North County Outlook - Community newspaper serving Marysville, Arlington, Tulalip, Smokey Point, Lakewood

By Katie Bourg
Senior Daze 

After 50 years, the memory lingers

The death of a president ripped the fabric of America.


Only now does the memory of that awful day come back. I’ve thought of it other years but not like this one. Feelings are more intense, regret more focused. I am not young anymore. Or as busy with family. Life moves on.

I was busy that day. Facing the holiday. There was last minute shopping. Pies to make. My Christmas sewing would wait another week. Dinner was planned in my head. A load of wet clothes in the washer. But the kids were not due home for a couple of hours. I could coast a little, and stopped to visit Gerry.

She had been my boss before we both became mothers. We had ongoing political differences. Mild, but frequent arguments over a cup of coffee. We lived different lives, yet were still connected. She was on my way home. Talk and cookies seemed like a good idea. I knew she was baking for she had mentioned it earlier on the phone, and drop-ins were our habit. I let myself in, and slid into a kitchen chair as she readied another sheet of cookies into the oven. We chatted awhile, waiting for the timer on her stove. The phone rang. She lifted it from the wall. Suddenly straightening, her face registered shock.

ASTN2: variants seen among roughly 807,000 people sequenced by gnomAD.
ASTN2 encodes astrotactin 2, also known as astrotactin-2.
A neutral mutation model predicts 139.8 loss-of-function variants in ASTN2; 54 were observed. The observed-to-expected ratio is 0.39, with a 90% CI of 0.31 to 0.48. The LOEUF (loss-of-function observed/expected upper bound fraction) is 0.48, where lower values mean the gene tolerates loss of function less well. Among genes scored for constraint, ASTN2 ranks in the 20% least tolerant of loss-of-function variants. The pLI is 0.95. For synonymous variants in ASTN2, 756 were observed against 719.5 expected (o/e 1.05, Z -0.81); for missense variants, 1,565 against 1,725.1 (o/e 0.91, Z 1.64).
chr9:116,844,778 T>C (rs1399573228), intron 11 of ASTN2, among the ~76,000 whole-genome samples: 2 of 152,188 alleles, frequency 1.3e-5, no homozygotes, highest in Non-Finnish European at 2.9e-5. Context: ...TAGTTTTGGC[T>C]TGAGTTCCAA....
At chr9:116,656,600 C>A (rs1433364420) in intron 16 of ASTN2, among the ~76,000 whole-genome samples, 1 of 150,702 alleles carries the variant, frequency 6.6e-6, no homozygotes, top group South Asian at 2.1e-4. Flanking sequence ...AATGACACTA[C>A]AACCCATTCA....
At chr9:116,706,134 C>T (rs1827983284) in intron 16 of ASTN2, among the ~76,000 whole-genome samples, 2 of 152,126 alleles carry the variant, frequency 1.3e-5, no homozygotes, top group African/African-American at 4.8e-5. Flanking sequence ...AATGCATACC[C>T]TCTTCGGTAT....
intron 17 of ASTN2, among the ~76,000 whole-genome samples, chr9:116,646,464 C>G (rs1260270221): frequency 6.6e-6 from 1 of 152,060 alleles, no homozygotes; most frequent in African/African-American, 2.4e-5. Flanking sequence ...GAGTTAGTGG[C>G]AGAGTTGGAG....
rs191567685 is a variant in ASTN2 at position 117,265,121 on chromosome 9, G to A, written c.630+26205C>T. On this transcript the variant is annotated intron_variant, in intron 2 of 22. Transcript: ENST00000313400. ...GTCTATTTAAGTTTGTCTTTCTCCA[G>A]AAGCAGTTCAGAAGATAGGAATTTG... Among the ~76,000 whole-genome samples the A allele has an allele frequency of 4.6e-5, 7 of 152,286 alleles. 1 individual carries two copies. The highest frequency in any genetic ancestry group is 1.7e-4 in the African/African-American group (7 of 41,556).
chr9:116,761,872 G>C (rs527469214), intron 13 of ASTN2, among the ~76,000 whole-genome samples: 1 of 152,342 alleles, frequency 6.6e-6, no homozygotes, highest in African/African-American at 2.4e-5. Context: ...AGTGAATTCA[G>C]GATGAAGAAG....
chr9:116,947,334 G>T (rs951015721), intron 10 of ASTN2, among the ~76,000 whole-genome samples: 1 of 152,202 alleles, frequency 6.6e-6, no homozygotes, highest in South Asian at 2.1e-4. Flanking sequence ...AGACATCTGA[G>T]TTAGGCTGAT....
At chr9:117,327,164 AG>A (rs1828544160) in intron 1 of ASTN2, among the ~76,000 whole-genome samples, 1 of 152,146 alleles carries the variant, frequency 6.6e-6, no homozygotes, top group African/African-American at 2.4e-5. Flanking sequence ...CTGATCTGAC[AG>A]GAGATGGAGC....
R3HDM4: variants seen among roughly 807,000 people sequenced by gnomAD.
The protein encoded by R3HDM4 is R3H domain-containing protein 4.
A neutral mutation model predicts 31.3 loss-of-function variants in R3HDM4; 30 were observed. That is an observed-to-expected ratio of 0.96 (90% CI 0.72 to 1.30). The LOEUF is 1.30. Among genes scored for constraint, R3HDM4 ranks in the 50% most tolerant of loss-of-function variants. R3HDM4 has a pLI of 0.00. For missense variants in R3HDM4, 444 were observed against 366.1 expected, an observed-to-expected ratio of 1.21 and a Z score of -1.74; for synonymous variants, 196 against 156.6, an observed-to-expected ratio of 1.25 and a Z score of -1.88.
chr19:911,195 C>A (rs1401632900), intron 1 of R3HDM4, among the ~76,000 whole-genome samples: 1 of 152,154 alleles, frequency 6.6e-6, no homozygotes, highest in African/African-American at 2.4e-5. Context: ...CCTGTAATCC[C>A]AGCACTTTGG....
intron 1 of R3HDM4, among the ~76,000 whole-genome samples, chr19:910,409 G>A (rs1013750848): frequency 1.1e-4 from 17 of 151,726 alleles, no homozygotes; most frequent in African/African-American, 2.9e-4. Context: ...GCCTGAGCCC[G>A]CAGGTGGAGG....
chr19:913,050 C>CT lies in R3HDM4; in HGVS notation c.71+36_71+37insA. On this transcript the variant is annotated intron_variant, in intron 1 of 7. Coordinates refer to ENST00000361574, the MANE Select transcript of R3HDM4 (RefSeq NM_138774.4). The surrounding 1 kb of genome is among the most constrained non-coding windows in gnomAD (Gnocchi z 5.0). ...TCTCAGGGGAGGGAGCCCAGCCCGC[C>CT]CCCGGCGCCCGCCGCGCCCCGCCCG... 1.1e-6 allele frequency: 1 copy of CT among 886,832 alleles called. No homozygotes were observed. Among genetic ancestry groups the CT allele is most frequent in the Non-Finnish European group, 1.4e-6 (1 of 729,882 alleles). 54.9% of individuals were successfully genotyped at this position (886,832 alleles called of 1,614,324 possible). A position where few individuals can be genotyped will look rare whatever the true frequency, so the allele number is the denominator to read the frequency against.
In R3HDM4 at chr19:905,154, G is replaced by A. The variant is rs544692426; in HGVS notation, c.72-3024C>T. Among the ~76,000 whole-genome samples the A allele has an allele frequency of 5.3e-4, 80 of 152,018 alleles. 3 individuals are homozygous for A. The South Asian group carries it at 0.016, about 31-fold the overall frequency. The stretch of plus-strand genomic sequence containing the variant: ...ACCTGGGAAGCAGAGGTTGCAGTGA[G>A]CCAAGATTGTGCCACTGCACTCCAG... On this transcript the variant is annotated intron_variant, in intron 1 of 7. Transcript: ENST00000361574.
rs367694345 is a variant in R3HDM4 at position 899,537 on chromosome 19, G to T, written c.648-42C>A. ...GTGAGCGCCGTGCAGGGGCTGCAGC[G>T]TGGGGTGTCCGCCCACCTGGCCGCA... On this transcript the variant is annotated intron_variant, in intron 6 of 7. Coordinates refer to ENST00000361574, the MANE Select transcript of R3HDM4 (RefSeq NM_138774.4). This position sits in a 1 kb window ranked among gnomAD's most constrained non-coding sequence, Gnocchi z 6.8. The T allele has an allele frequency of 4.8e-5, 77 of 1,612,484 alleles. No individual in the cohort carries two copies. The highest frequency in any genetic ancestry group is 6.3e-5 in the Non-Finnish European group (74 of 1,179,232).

“Stu says the president has been shot.”

I ran to the living room and switched on the TV. Cronkite was stumbling through an incomplete statement. Still receiving unconfirmed reports as he tried to find valid information. Even on the screen, his face looked like Gerry’s. I stared for a second, then walked back to the kitchen. There I saw my friend, her face white and wet. In one of those freakish moments I thought, “She’s crying for a Democrat.” Then I joined her in tears.

We spent the next hour with the TV. I don’t know what happened to the cookies. I don’t remember that we talked. We never got to the coffee. At some point Gerry returned to her kitchen. I left the house. Drove home through silent streets. Everything seemed unreal, until I neared the Catholic church. The chimes in their bell tower were ringing. That brought me back to the real world. But something was missing. Something that had always been there.

Like the rest of the world, my family’s holiday plans were changed. We sat glued to the TV. We talked to each other. We answered the children’s questions. Watched the horror of another shooting. Nothing really reached me. It was a long international wake that wouldn’t end. There was something we couldn’t retrieve. Now, fifty years after, I realize what it was.

We didn’t just lose a president. We lost our innocence. And we never got it back.


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